Publication

Back to overview Show all

Other publication (peer-review)

Publisher Max Planck Institute for Social Anthropology Working Paper No. XXX, Halle

Abstract

Since the end of apartheid, South Africa has experienced a profound legal transformation. The bifurcated state (Mamdani) was abandoned in favour of a new constitution guaranteeing all citizens equality before the law, while also acknowledging traditional authorities and customary law. Against this backdrop, pre-existing customary law has been the subject of intense political and legal renegotiations. This paper first summarises key steps in the post-1994 reconstitution of customary law in South Africa through both statutory and judicial developments. The text then offers a case study of legislative and judicial renegotiations of customary law in the context of the ultimately successful constitutional challenge of the Communal Land Rights Act (2004). Against this background, the paper identifies three gaps that actors have reshuffled in different ways: first, the gap between “official” customary law and the “living” customary law, which deals with the legitimacy of customary law, the power to define and enforce it, and the underlying paradox of how the modern state can and should deal with alternative normative orders. Second, the gap between “traditional custom” and “modern ideals”, whether marked by a repugnancy clause, a Bill of Rights or a Human Rights test, crucially addressing questions of justice. Finally, the gap between an authentic customary past and tainted histories misconstrued under colonialism. South African legal pluralism is thus shown to be evolving through the mindful treatment of gaps in contested configurations of legitimacy, justice and historical authenticity.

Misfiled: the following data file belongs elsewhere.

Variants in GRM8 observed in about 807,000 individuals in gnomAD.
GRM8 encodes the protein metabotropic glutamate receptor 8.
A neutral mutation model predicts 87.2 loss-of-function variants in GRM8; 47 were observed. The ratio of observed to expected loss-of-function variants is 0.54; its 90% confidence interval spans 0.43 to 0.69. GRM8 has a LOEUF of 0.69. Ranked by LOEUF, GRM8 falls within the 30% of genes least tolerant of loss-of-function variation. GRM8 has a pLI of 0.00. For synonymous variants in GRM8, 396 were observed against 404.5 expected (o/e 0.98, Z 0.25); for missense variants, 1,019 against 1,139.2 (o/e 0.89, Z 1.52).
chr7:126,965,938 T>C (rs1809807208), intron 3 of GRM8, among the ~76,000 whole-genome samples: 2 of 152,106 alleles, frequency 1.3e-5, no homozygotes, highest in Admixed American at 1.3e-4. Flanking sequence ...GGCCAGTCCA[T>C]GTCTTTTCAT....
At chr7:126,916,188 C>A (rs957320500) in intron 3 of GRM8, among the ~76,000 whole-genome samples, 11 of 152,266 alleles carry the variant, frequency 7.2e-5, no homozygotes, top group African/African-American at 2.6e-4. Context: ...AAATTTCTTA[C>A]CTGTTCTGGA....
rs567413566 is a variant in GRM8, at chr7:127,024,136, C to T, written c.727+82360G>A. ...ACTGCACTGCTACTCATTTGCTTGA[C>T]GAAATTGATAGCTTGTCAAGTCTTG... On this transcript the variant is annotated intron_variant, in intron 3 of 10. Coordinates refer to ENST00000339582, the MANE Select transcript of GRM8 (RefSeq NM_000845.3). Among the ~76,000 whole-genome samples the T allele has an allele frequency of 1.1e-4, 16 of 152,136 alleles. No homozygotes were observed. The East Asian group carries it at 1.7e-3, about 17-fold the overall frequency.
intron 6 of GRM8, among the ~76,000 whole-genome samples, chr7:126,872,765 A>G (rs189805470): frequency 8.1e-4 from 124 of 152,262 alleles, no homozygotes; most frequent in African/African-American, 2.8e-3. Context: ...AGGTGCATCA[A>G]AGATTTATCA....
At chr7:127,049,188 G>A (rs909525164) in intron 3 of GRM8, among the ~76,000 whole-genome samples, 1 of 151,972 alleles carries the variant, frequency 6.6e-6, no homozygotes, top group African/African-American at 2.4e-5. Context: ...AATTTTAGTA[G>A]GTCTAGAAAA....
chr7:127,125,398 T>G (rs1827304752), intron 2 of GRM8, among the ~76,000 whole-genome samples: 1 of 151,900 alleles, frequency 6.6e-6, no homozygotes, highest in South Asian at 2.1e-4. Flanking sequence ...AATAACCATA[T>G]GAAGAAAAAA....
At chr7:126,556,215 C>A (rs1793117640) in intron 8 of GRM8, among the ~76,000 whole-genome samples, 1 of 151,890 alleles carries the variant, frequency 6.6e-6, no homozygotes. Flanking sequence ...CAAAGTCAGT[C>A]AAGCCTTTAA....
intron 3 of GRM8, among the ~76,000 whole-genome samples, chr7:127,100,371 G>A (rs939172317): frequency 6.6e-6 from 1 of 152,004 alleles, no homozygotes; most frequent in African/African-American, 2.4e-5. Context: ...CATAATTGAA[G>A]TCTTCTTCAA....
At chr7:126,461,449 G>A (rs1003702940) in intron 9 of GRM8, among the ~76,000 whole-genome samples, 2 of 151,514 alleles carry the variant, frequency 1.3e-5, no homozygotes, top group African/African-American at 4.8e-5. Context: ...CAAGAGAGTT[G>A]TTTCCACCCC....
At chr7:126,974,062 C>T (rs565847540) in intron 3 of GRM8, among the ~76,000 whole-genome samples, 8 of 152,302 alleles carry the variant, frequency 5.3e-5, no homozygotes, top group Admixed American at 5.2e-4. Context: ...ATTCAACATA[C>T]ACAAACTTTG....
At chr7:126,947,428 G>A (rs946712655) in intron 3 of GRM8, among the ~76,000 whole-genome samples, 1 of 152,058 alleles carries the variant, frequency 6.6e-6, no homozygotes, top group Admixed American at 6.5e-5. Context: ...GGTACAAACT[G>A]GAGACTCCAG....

-